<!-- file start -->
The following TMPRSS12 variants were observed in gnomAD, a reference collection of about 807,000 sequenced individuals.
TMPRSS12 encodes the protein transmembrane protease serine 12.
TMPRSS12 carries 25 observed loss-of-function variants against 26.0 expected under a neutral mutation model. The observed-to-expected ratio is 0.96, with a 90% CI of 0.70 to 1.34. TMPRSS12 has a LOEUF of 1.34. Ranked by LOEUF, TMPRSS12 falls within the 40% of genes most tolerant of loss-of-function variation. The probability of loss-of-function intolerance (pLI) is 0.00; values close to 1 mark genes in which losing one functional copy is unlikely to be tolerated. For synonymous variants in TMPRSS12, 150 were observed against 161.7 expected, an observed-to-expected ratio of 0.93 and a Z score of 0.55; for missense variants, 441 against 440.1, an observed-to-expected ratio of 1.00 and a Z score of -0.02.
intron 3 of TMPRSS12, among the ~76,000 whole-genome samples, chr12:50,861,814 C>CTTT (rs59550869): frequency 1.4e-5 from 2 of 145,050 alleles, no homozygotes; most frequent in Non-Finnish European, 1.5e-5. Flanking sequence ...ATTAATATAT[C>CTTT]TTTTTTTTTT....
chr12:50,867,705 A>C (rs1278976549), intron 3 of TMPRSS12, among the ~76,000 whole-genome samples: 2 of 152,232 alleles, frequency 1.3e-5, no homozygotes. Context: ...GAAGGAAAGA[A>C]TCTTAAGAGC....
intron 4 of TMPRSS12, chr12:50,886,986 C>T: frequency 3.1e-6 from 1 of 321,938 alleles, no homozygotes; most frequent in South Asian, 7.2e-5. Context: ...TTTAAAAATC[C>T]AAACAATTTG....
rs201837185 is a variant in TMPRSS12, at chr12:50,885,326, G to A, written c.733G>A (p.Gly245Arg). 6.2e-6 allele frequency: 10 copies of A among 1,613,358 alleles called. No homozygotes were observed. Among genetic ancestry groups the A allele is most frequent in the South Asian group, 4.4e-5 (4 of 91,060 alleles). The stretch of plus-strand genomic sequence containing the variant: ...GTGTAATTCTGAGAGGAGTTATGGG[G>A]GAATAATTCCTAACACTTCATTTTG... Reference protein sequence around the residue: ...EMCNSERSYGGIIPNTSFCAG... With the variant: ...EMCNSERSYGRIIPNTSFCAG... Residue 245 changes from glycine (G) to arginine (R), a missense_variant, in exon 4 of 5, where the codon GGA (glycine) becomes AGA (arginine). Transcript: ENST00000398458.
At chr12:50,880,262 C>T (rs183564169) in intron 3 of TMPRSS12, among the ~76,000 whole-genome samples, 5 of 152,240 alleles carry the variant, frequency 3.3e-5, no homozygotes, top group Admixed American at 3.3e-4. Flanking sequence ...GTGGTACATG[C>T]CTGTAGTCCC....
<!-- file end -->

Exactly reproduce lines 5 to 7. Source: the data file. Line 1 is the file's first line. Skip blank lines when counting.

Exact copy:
chr12:50,867,705 A>C (rs1278976549), intron 3 of TMPRSS12, among the ~76,000 whole-genome samples: 2 of 152,232 alleles, frequency 1.3e-5, no homozygotes. Context: ...GAAGGAAAGA[A>C]TCTTAAGAGC....
intron 4 of TMPRSS12, chr12:50,886,986 C>T: frequency 3.1e-6 from 1 of 321,938 alleles, no homozygotes; most frequent in South Asian, 7.2e-5. Context: ...TTTAAAAATC[C>T]AAACAATTTG....
rs201837185 is a variant in TMPRSS12, at chr12:50,885,326, G to A, written c.733G>A (p.Gly245Arg). 6.2e-6 allele frequency: 10 copies of A among 1,613,358 alleles called. No homozygotes were observed. Among genetic ancestry groups the A allele is most frequent in the South Asian group, 4.4e-5 (4 of 91,060 alleles). The stretch of plus-strand genomic sequence containing the variant: ...GTGTAATTCTGAGAGGAGTTATGGG[G>A]GAATAATTCCTAACACTTCATTTTG... Reference protein sequence around the residue: ...EMCNSERSYGGIIPNTSFCAG... With the variant: ...EMCNSERSYGRIIPNTSFCAG... Residue 245 changes from glycine (G) to arginine (R), a missense_variant, in exon 4 of 5, where the codon GGA (glycine) becomes AGA (arginine). Transcript: ENST00000398458.